** For those of you who may be new to this blog and/or story, I am a great fan of the TV show "SouthLAnd" -- a show which was not renewed for a sixth season (boo-hoo). The main characters of that show were left in a variety of states -- some good, some not-so-good. And I started to wonder -- as did other fans -- what would have become of Officer Ben Sherman (played by Ben McKenzie) if the series had been allowed to continue. After all, the series finale left him lying on the ground in seeming moral defeat. So, I decided to let my imagination run a little wild, and I have been having a lot of fun coming up with a continuing story for Officer Ben. It's probably a little cheesy, but I'm enjoying myself here. ;-) **
School had been in session for a little less than a month. I was happier than I had ever been. The kids were doing well, and were more enthused than any kids I had ever been in a classroom with during my childhood. They actually seemed to enjoy learning the alphabet, learning how to put letters together into the words of a new language. Using pictures -- and, of course, George's knowledge of the native tongue -- we taught them English a little at a time. English that could actually be useful. I remember learning Spanish back in high school. I knew how to say "the lady has blue hair" before I could have asked somebody where to find a restroom. I was happy that George's nonprofit was taking a this approach. We were teaching our students how to apply what they were learning in practical ways. I have often thought that if American kids could make a connection between their educations and their actual lives, the "system" would be more effective. Here -- in a land far away from that in which I was born -- I was seeing the fruits of such a learning environment.
So, yes, we did a lot of the so-called "three R's" with our kids -- reading, writing, arithmetic. But, there was also ample time for art, music, physical activity. We didn't have fancy "equipment" for these subjects, but George's group provided good, basic materials. And the kids themselves often brought musical instruments and art supplies from home. We were, after all, living in the midst of a culture where these things are valued. We taught our students about the history of their nation. We studied their culture. And when I say "we" studied -- well, that's exactly what I mean. I had as much learning to do as they. But, as many seasoned teachers have said, "You've just got to stay one chapter ahead." Not that we really had textbooks, to speak of. There were a few of those. Mostly, though, a generous number of seemingly random books were provided by George's organization. Books that covered a variety of subjects. I found, though, that when I put together my own ideas with the ideas and knowledge I found in these books, I could come up with some pretty creative lesson plans.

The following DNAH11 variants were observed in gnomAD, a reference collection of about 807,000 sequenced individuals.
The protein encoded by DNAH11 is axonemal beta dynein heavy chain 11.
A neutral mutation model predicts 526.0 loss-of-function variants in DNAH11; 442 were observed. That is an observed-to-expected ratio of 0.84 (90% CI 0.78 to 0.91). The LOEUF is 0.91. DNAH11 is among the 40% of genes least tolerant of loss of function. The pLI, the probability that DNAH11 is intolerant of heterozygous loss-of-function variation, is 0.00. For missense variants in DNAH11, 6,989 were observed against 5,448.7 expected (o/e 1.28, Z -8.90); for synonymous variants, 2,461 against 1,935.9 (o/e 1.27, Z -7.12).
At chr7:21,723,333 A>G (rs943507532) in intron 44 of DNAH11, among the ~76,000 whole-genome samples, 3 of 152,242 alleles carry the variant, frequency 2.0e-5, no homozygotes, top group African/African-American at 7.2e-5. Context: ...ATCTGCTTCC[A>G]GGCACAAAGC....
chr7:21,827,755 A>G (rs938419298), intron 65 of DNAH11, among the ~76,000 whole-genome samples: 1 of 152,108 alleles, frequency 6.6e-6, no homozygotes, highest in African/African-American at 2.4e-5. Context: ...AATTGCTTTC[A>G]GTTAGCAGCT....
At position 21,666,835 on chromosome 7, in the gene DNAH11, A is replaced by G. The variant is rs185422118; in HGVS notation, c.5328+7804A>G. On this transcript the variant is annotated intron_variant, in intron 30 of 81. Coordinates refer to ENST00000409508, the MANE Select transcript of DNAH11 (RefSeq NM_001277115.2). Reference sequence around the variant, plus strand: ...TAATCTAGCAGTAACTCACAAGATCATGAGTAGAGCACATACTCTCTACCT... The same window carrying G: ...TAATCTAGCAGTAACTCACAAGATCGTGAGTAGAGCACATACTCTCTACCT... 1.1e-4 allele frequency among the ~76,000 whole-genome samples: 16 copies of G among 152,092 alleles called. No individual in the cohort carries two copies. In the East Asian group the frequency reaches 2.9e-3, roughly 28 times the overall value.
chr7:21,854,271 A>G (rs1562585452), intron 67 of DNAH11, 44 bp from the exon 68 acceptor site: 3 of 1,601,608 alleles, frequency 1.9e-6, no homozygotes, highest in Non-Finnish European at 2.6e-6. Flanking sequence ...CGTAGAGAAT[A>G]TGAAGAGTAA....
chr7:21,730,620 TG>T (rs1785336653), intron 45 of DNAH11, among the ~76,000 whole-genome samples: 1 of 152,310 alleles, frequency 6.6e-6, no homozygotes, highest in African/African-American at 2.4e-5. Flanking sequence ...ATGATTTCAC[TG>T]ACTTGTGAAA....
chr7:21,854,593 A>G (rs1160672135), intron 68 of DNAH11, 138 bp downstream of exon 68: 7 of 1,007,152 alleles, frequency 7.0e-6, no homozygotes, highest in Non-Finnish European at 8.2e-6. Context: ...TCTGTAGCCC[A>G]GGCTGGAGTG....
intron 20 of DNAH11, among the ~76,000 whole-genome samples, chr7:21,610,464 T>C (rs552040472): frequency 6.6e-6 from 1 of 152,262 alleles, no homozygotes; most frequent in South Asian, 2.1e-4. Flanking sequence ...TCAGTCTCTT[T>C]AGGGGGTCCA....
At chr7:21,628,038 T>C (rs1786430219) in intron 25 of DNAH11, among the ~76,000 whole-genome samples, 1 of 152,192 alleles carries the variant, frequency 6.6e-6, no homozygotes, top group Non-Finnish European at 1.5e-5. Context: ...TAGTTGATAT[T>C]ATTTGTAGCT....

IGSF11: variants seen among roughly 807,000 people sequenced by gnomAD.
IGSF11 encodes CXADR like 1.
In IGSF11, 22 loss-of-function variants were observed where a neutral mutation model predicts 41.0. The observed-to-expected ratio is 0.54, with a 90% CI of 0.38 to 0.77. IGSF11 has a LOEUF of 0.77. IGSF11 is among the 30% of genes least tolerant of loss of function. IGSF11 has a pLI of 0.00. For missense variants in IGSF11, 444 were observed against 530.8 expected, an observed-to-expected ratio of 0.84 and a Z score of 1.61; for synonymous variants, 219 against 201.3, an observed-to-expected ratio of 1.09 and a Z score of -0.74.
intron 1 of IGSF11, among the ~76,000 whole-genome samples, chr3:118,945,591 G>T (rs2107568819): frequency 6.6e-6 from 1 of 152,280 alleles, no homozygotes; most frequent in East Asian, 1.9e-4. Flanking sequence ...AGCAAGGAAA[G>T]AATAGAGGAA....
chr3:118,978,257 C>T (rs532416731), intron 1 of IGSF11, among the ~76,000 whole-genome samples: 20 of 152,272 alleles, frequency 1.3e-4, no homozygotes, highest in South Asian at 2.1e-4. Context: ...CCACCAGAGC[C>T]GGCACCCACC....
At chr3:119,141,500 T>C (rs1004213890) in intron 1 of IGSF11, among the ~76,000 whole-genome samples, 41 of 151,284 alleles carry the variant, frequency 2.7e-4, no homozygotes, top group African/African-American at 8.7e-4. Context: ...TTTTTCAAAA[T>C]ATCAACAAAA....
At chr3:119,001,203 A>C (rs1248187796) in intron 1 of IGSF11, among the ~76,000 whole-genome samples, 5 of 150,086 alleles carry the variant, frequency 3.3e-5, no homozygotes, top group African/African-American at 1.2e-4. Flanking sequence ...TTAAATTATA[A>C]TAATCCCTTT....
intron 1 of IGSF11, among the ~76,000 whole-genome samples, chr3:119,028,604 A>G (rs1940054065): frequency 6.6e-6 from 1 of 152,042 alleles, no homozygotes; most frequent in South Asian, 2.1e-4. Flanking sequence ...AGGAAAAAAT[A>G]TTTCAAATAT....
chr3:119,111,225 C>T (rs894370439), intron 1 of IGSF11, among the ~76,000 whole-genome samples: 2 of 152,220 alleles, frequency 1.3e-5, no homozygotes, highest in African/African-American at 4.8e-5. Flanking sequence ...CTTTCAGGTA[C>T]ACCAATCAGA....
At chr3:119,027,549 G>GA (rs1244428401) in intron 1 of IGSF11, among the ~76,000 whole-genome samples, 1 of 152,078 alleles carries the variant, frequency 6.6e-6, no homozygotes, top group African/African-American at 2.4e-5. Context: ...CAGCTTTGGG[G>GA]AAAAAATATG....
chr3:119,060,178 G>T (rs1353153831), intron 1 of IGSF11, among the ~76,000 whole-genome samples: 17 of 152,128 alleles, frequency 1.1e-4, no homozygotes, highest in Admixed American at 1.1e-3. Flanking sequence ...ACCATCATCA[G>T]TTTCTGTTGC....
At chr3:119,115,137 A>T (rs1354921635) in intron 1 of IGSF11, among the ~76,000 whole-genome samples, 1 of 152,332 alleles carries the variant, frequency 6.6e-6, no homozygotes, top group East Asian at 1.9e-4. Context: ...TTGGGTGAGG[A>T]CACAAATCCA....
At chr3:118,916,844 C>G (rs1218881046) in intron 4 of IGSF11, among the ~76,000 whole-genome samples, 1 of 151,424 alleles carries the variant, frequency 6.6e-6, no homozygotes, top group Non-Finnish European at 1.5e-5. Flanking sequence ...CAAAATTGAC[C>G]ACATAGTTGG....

So, as I said, I was feeling happy. There were still nightmares and self-doubt. Hell, there still are. But, the tangle of negative emotions in my heart was starting to loosen a little. And in the midst of this -- on one hot afternoon as I was trying to explain to my charges why the letters "c" and "h", when put together as "ch", make the unpredictable sound that they do -- I looked up to see a face in the doorway of the little schoolhouse. A face I had never seen before. A woman's face. Young, but somehow ageless. Breathtaking. A face the color of chocolate -- chocolate infused with gold dust. Eyes large and black, but open somehow -- open to life and love and joy. High cheekbones that somehow managed to exude a pinkish hue, even for being so wonderfully and softly dark. And that face was smiling at me -- smiling a kind, yet wise and knowing smile. A smile that belied an understanding and experience of the difficulties and hurts of life. A smile that also belied a willingness to embrace that life, as hard as it can sometimes be. And I knew, somehow, that I wanted the life which that smile embraced to embrace me.
Her name was Ashaki -- which means "light". She certainly became that for me, this woman who became my wife. She was the aunt of one of my students -- a lively, bright 10-year-old boy. She had recently graduated from University in England, where she studied linguistics. Finally -- someone besides George with whom I could easily converse. Why had she come back here? Why didn't she stay in England, or even go to America? She would be welcome in either place, given her intelligence, her education. She had learned of the school George's nonprofit had started here, in the place of her birth, and she wanted to help out. That was fine by me. George was often in demand by the organization -- needed for various administrative decisions and tasks. That left him with little time for actual hands-on teaching in the school, which meant that I was responsible for most of it. Therefore, this lovely lady's assistance would be most welcome. And little did I know, when I first set eyes on her, that she would not only be of utmost value in our little classroom. She would become of utmost value to me, for the whole of my life.
To be continued...